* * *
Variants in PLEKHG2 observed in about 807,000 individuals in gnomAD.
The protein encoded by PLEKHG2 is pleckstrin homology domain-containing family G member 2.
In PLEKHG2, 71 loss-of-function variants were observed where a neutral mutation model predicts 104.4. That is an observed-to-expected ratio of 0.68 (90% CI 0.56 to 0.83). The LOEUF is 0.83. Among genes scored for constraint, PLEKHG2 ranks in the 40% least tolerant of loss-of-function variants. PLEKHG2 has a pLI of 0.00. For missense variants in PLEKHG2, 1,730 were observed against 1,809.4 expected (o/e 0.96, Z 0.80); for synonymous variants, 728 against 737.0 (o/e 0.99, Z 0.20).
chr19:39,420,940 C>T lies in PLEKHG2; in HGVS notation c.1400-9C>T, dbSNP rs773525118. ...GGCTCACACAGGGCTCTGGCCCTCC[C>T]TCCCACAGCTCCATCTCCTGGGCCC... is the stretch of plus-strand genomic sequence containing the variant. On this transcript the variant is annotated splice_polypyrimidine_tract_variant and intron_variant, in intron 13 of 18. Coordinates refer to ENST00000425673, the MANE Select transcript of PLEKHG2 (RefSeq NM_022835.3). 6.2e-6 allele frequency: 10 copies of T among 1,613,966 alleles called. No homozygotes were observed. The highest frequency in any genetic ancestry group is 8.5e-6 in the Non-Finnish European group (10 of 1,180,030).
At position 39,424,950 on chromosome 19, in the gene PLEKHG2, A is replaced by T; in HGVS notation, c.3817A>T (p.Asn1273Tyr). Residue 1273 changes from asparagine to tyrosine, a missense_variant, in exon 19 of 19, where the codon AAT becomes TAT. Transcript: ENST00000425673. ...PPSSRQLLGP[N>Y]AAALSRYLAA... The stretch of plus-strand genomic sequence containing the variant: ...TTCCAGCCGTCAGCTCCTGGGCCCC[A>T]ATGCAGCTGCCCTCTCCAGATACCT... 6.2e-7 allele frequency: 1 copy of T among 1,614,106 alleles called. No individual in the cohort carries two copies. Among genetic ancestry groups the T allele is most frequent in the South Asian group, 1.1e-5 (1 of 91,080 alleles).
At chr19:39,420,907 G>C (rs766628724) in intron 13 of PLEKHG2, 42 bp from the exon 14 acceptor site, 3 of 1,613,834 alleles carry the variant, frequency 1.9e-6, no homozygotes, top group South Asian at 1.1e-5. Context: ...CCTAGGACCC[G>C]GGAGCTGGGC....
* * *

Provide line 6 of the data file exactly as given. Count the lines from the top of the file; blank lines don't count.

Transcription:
At chr19:39,420,907 G>C (rs766628724) in intron 13 of PLEKHG2, 42 bp from the exon 14 acceptor site, 3 of 1,613,834 alleles carry the variant, frequency 1.9e-6, no homozygotes, top group South Asian at 1.1e-5. Context: ...CCTAGGACCC[G>C]GGAGCTGGGC....